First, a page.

Forging strategies for media change in the Asia-Pacific30 Nov, 2016
Journalist unions from across the Asia-Pacific resolved to share knowledge, utilize new technologies, and strengthen membership to effectively continue their struggle for press freedom and journalists’ rights, at the International Federation of Journalists (IFJ) Strategy Forum in Kathmandu, Nepal on November 23 and 24.
Journalists and union activists from 14 countries participated in the meeting organized by the IFJ together with the South Asia Media Solidarity Network (SAMSN) and South East Asia Journalist Unions (SEAJU) with representatives from Afghanistan, Bhutan, Bangladesh, Cambodia, India, Indonesia, Myanmar, Malaysia, Mongolia, Nepal, Pakistan, Sri Lanka, the Philippines and Vanuatu.
Representatives from the International Labor Organization (ILO) and Twitter shared knowledge and skills to effectively use social media in union works, combat online harassment and remain safe in the digital space.
Together, leaders and activists discussed strategies to enhance press freedom, union strengthening, and adapting digital tools in union work as well as campaigning on freedom of expression in the internet and fighting impunity using new media. Resolutions were passed demanding journalists’ rights, gender equity, press freedom, and end to impunity.
The meeting endorsed the resolution adopted by the FES-IFJ Gender Meeting, on November 21 and 22, which said, “Change has to come from within unions in order to make a real impact in the wider media environment. Unions must lead and make gender equity a priority and endorse the significant work being done by women and men activists towards furthering gender equity.”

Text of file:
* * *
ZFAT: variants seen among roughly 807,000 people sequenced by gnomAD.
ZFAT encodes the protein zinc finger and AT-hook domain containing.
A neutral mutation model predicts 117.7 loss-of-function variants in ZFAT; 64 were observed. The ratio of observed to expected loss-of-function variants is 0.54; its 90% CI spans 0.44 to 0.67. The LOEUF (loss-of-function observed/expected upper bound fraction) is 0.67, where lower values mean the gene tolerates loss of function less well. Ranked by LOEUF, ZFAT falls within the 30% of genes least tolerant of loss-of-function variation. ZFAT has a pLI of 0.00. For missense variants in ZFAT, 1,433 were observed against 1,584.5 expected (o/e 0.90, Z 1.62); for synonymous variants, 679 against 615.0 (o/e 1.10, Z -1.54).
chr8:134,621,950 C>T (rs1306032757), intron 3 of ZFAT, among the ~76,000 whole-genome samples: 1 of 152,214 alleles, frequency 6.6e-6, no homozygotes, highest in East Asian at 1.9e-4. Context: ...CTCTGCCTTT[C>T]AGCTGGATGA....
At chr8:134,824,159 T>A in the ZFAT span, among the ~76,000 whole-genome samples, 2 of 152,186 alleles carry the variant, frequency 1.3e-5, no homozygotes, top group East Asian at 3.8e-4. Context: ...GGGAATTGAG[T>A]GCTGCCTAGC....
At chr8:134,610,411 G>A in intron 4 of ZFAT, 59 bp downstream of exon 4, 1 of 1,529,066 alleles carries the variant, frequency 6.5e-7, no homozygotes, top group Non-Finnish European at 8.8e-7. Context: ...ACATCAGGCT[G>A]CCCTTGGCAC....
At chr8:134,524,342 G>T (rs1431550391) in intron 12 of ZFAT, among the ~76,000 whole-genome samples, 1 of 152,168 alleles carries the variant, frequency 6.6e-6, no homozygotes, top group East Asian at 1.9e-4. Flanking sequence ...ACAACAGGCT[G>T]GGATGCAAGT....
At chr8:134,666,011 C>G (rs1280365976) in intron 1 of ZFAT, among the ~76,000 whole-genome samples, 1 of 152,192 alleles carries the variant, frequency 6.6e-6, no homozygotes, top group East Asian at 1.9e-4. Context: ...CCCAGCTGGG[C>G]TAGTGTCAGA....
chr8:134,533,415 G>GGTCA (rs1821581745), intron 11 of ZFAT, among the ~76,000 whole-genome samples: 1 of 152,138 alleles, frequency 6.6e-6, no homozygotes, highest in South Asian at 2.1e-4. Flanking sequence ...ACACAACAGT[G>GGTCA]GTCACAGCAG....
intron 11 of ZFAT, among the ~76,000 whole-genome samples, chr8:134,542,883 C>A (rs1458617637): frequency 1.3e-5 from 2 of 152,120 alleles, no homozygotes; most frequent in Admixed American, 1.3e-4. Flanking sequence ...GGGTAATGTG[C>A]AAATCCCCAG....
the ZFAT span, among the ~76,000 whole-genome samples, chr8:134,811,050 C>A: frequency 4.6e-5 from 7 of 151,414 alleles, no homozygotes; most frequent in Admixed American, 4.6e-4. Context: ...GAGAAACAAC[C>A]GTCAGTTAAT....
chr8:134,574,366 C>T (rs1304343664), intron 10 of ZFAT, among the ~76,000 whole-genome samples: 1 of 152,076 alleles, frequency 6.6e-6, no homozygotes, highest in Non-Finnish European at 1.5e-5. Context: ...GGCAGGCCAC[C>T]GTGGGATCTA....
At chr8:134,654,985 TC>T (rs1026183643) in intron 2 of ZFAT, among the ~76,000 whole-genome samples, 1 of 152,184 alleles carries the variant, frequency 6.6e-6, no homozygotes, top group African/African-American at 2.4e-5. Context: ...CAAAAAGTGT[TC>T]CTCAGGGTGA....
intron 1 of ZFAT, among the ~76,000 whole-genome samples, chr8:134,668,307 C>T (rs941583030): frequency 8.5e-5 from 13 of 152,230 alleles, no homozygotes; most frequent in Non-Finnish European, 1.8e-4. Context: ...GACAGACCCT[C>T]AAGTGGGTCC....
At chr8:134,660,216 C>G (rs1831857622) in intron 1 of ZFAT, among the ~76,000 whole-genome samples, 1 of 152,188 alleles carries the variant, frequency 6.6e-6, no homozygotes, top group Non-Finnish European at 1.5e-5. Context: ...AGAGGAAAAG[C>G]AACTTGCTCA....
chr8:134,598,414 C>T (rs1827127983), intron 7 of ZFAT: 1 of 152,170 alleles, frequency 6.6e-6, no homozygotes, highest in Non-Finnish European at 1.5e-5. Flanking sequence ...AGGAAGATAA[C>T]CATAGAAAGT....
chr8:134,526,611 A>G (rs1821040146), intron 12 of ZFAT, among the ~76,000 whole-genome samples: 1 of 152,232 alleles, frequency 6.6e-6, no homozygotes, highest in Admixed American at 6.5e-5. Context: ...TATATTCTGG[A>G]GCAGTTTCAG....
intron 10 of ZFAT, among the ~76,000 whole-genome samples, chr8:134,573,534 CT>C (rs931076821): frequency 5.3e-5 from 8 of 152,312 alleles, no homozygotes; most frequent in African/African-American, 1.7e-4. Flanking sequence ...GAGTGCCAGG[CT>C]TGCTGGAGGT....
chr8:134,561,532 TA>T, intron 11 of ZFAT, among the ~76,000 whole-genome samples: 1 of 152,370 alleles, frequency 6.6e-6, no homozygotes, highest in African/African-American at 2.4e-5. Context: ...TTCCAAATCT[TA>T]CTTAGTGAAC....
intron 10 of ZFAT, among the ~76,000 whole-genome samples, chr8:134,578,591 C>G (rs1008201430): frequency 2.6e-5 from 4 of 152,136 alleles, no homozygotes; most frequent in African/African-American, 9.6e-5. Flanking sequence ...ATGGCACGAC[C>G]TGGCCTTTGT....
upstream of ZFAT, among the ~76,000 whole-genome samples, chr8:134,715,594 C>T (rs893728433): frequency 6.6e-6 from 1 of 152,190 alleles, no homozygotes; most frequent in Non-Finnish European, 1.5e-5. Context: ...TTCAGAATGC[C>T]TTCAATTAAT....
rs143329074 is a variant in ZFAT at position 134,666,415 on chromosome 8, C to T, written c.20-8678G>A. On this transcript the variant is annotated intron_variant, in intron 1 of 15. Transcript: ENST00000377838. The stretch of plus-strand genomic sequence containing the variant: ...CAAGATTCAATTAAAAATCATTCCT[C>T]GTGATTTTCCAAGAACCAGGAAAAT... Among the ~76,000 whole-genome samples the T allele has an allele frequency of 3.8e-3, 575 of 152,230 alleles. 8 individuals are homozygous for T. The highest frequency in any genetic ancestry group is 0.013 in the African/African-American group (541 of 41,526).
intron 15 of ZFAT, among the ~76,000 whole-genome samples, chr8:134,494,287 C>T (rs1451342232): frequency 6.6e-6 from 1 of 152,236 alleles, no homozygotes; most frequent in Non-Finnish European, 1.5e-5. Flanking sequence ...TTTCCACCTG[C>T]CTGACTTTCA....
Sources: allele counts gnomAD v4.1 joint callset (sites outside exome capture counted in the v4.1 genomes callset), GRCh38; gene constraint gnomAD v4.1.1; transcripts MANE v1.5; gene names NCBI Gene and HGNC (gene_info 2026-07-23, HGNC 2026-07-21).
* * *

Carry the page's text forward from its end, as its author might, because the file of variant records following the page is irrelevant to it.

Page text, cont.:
On India, the resolution demanded: “The immediate enactment of a Journalists’ Protection Act at the national level and other mechanisms to address the suffering of families of slain and attacked journalists. The impunity of perpetrators, which has a devastating effect on press freedom in India must end forthwith.”
The resolution also called for amendments in the Working Journalists Act to include the entire media compass; and stringent action against earring media management for non-implementation of statutory wage awards.
Expressing solidarity with the journalists of Kashmir, India, the meeting strongly condemned the attacks and restrictions on media reporting of the Kashmir conflict, in particular the arbitrary ban on the Kashmir Reader daily newspaper. “We also condemn the restrictions on the use of internet and mobile phones in the conflict-affected Kashmir Valley, which affects newsgathering and dissemination,” said the resolution, which also called urgently for peace and regretted the firings by security forces on unarmed people, including the use of pellet guns that have blinded many civilians, including children.
The meeting stood in solidarity with colleagues from the Philippines to commemorate November 23, 2009, when 32 journalists were massacred in Ampatuan, now acknowledged as the single deadliest attack on the press on record.
“Even as colleagues from the Philippines are both chasing elusive justice and are feeling besieged. Seven years after the Ampatuan massacre, we continue to be anxious about the safety of our Philippine colleagues as they go about uncovering and reporting the travails of their national community. The solidarity declaration is an assurance that the international media community is solidly behind them as they dare speak truth to oppressive power.”